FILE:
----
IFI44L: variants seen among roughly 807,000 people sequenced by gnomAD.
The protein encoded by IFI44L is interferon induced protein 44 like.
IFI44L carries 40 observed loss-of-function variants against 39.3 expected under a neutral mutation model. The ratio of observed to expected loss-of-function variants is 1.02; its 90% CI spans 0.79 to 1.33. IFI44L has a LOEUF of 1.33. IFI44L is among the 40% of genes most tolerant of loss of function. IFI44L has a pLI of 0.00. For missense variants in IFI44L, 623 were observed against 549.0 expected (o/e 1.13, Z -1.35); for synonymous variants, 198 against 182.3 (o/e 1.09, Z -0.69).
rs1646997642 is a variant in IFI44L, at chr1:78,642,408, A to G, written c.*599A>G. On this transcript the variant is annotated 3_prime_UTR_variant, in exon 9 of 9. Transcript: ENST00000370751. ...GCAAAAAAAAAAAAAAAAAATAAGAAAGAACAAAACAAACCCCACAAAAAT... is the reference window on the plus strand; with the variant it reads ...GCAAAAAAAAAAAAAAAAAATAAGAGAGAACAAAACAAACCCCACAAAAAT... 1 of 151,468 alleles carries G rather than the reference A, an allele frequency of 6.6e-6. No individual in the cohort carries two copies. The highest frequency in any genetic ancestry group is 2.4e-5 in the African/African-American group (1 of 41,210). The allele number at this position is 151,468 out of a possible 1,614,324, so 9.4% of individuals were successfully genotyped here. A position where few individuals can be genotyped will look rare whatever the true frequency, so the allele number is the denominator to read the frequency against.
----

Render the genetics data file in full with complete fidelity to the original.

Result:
IFI44L: variants seen among roughly 807,000 people sequenced by gnomAD.
The protein encoded by IFI44L is interferon induced protein 44 like.
IFI44L carries 40 observed loss-of-function variants against 39.3 expected under a neutral mutation model. The ratio of observed to expected loss-of-function variants is 1.02; its 90% CI spans 0.79 to 1.33. IFI44L has a LOEUF of 1.33. IFI44L is among the 40% of genes most tolerant of loss of function. IFI44L has a pLI of 0.00. For missense variants in IFI44L, 623 were observed against 549.0 expected (o/e 1.13, Z -1.35); for synonymous variants, 198 against 182.3 (o/e 1.09, Z -0.69).
rs1646997642 is a variant in IFI44L, at chr1:78,642,408, A to G, written c.*599A>G. On this transcript the variant is annotated 3_prime_UTR_variant, in exon 9 of 9. Transcript: ENST00000370751. ...GCAAAAAAAAAAAAAAAAAATAAGAAAGAACAAAACAAACCCCACAAAAAT... is the reference window on the plus strand; with the variant it reads ...GCAAAAAAAAAAAAAAAAAATAAGAGAGAACAAAACAAACCCCACAAAAAT... 1 of 151,468 alleles carries G rather than the reference A, an allele frequency of 6.6e-6. No individual in the cohort carries two copies. The highest frequency in any genetic ancestry group is 2.4e-5 in the African/African-American group (1 of 41,210). The allele number at this position is 151,468 out of a possible 1,614,324, so 9.4% of individuals were successfully genotyped here. A position where few individuals can be genotyped will look rare whatever the true frequency, so the allele number is the denominator to read the frequency against.